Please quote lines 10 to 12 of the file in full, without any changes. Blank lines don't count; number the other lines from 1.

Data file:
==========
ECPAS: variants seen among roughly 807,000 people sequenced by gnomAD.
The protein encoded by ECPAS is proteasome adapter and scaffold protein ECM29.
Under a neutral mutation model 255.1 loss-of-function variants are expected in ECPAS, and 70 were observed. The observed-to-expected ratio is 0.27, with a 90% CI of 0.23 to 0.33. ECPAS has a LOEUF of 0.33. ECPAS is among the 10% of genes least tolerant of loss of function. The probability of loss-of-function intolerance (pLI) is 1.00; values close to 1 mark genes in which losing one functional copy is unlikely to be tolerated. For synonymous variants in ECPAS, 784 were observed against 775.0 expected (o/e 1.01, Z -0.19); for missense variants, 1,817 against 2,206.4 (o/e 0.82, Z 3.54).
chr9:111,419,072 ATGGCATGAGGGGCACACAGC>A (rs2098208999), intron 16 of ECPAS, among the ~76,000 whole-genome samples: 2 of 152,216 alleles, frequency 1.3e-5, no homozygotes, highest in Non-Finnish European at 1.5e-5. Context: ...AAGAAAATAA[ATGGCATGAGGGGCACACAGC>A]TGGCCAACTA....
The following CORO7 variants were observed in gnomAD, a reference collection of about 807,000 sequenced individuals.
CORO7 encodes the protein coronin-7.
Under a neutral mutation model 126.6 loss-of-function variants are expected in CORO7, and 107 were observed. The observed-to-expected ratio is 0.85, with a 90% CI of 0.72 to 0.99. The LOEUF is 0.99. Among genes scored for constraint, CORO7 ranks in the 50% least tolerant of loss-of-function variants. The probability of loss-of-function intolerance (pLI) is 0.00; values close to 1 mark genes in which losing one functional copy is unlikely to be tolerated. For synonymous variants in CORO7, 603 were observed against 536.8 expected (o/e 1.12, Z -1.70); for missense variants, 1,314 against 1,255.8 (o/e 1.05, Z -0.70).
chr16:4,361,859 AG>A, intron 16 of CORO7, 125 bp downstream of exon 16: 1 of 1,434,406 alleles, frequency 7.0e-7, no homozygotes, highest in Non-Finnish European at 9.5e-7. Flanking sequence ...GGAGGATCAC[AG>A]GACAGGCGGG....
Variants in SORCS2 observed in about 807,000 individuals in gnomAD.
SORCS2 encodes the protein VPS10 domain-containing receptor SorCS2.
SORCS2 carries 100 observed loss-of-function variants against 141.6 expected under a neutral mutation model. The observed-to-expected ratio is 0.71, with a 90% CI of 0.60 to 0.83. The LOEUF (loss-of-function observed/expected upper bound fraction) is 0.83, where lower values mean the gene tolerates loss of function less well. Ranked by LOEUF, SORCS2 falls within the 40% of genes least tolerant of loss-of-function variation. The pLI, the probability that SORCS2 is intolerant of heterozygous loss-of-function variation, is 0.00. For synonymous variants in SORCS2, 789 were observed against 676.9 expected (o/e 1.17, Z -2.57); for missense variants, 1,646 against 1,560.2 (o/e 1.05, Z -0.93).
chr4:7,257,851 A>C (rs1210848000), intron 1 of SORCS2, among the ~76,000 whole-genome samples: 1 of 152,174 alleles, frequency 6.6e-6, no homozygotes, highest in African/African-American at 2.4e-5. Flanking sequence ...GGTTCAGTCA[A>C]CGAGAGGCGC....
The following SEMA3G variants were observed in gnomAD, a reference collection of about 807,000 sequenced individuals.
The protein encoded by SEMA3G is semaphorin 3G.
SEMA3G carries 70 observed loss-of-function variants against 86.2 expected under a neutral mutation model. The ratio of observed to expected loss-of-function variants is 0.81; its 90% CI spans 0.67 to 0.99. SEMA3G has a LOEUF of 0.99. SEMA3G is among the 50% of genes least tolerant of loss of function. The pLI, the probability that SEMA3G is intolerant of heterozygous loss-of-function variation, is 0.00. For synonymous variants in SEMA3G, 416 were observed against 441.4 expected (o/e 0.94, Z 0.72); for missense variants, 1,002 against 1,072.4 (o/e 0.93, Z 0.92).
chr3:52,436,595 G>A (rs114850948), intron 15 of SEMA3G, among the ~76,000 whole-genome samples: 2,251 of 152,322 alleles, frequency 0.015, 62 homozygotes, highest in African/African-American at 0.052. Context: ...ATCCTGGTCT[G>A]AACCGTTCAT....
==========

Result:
SORCS2 encodes the protein VPS10 domain-containing receptor SorCS2.
SORCS2 carries 100 observed loss-of-function variants against 141.6 expected under a neutral mutation model. The observed-to-expected ratio is 0.71, with a 90% CI of 0.60 to 0.83. The LOEUF (loss-of-function observed/expected upper bound fraction) is 0.83, where lower values mean the gene tolerates loss of function less well. Ranked by LOEUF, SORCS2 falls within the 40% of genes least tolerant of loss-of-function variation. The pLI, the probability that SORCS2 is intolerant of heterozygous loss-of-function variation, is 0.00. For synonymous variants in SORCS2, 789 were observed against 676.9 expected (o/e 1.17, Z -2.57); for missense variants, 1,646 against 1,560.2 (o/e 1.05, Z -0.93).
chr4:7,257,851 A>C (rs1210848000), intron 1 of SORCS2, among the ~76,000 whole-genome samples: 1 of 152,174 alleles, frequency 6.6e-6, no homozygotes, highest in African/African-American at 2.4e-5. Flanking sequence ...GGTTCAGTCA[A>C]CGAGAGGCGC....